Even before this weekend’s controversy, I had analyzed 50 interviews with groups of subreddit moderators, constructed a historical timeline on the history of the idea of subreddits and the role of moderators, followed hundreds of job board postings where moderators apply and accept moderating roles, and watched videos about the work of moderators. I also collected summary statistics from the Reddit API to understand how many moderators there are. Finally, I have personal experience facilitating and moderating a high profile online community, The Atlantic’s Twitter book club, which I moderated from 2012-2014.

Since the blackout started, I have spent most of my waking hours archiving and reading material about the controversy, including:

  • Over 500 links that appeared in the Reddit Live feed on the blackout, a feed maintained by Reddit users
  • Data on which subreddits went private, and by implication, which did not
  • Over a hundred of messages stating why “this subreddit is private” during the blackout
  • Hundreds of discussions in subreddits debating if they should go private
  • Around 50 discussions in subreddits that chose not to go private (I’m still adding to this)
  • “We’re back” discussions, where moderators justified, defended, or apologized for the decision to go private
  • Notable discussions in “meta-subreddits” where users from across the site reflected and responded to the issue
  • Historical records of other times that moderators made subreddits private
  • Limitation: I do not currently have access to the private subreddits where moderators of top subs discussed their decisions and goals, nor the conversations between mods and the company. Even though I can offer assurances of privacy, anonymity, and security in my archival of those conversations, moderators of the largest subreddits have not at this point trusted me to participate, a choice that I can understand.
  • Limitation: I haven’t archived conversations off-reddit where people claiming to be moderators have discussed the issue, because I have no way of confirming that they are actually moderators. The one exception is journalistic interviews or op-eds that name the moderators.

It’s too soon for me to draw conclusions from such a wide-ranging dataset, but I mention it in case there are important conversations I’m missing. If you’re a reddit moderator, or if you mod a sub where moderators discuss these issues, please contact me at u/natematias.

1. Why Does This Matter?

Reddit is one of the world’s most popular social/content platforms, with roughly half of Twitter’s monthly active visitors and 2/5 the monthly unique visitors of Wikipedia. YouTube, Facebook, and many news sites review content through flagging systems, with large numbers of paid staff reviewing content. For example, the Huffington Post pre-moderates 450,000 comments per day, paying between $0.005 and $0.25 for every comment. When The Verge recently turned off comments, worried that “sometimes it gets too intense,” they may also be saving a *lot* of money. Reddit mostly relies on its volunteer moderators to support and maintain conversations on the site, and the company has traditionally offered them substantial autonomy in return.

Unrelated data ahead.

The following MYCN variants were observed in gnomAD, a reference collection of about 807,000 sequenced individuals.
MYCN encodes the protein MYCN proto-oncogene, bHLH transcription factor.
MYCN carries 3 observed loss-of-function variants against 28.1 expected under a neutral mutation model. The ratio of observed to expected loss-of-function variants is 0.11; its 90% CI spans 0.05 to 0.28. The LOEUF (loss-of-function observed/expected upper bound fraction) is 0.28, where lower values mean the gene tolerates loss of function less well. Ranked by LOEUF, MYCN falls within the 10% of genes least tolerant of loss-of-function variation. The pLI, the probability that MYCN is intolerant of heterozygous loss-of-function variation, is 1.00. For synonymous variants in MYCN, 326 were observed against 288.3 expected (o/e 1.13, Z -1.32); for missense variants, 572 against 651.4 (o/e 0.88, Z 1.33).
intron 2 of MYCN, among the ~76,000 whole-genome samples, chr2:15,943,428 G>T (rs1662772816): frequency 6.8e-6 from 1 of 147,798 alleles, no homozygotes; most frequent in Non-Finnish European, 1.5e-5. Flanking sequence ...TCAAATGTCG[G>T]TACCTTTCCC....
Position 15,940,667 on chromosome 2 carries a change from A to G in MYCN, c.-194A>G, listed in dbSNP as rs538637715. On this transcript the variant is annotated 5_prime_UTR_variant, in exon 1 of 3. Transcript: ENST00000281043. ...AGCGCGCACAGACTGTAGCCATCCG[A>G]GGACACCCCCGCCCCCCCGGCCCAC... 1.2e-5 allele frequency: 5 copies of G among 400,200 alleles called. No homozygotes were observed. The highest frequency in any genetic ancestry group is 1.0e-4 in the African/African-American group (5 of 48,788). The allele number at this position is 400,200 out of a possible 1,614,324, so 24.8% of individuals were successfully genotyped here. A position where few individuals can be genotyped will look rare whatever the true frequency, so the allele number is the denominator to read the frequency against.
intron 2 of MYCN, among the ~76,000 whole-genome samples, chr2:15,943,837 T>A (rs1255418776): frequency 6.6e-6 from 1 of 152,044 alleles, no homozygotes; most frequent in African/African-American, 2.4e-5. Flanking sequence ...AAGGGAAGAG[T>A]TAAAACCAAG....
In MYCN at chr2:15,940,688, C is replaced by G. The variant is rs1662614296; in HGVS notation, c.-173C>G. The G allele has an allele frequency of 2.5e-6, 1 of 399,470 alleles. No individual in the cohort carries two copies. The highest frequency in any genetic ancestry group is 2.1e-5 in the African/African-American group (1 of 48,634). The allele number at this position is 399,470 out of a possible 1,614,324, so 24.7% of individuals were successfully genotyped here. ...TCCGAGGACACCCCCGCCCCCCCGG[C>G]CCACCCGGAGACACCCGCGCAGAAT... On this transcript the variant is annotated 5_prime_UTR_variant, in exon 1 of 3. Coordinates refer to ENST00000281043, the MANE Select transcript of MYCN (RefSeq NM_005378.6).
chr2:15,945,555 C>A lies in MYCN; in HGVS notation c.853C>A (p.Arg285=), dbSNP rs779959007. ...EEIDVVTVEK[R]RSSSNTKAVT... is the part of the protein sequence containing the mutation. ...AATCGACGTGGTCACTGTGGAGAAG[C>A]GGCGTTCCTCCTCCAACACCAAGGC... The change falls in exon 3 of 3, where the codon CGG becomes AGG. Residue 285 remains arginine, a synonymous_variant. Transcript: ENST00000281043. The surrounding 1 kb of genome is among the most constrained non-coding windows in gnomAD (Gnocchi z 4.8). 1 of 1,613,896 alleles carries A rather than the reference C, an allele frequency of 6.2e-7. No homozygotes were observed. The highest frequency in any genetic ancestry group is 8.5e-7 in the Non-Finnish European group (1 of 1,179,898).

My research on the Reddit moderators isn’t just about Reddit. Anyone who cares about a fair, free, and meaningful social web should be paying close attention to sites like Reddit, Meetup, Craigslist, and Wikipedia that rely mostly on user initiative. If volunteer moderators, upvoting systems, and other community-driven approaches to supporting large-scale collective projects ultimately fail (and there are many ways to fail), it will be hard to justify anything but a fully-commercial web. At the same time, platforms are also creating new categories of work that defy the boundaries and expectations of mid-20th century labor, new categories that also create new problems.

Whatever the wider issues, the blackout also matters deeply to millions of subreddit moderators and subscribers. Content, conversations and relationships on Reddit are fully a part of many people’s lives. In addition to books, jokes, porn, deals, advice, inspiration, debates, and news, people also sometimes go to Reddit to ask for feedback on intimate questions they would never dare ask anywhere else, including help with thoughts of suicide or responses to their religious and political doubts. Sometimes, when pseudonymity is not enough; users create throwaway accounts to ask especially sensitive questions.

Moderators on Reddit have a great responsibility of care for those who participate in their groups. They also have a great deal of pressure and scrutiny from their subscribers. When discussing the decision to go private, many moderators described the difficulty of weighing the cost that this choice entailed. I hope I do their work justice in this post.

2. What Is a Subreddit?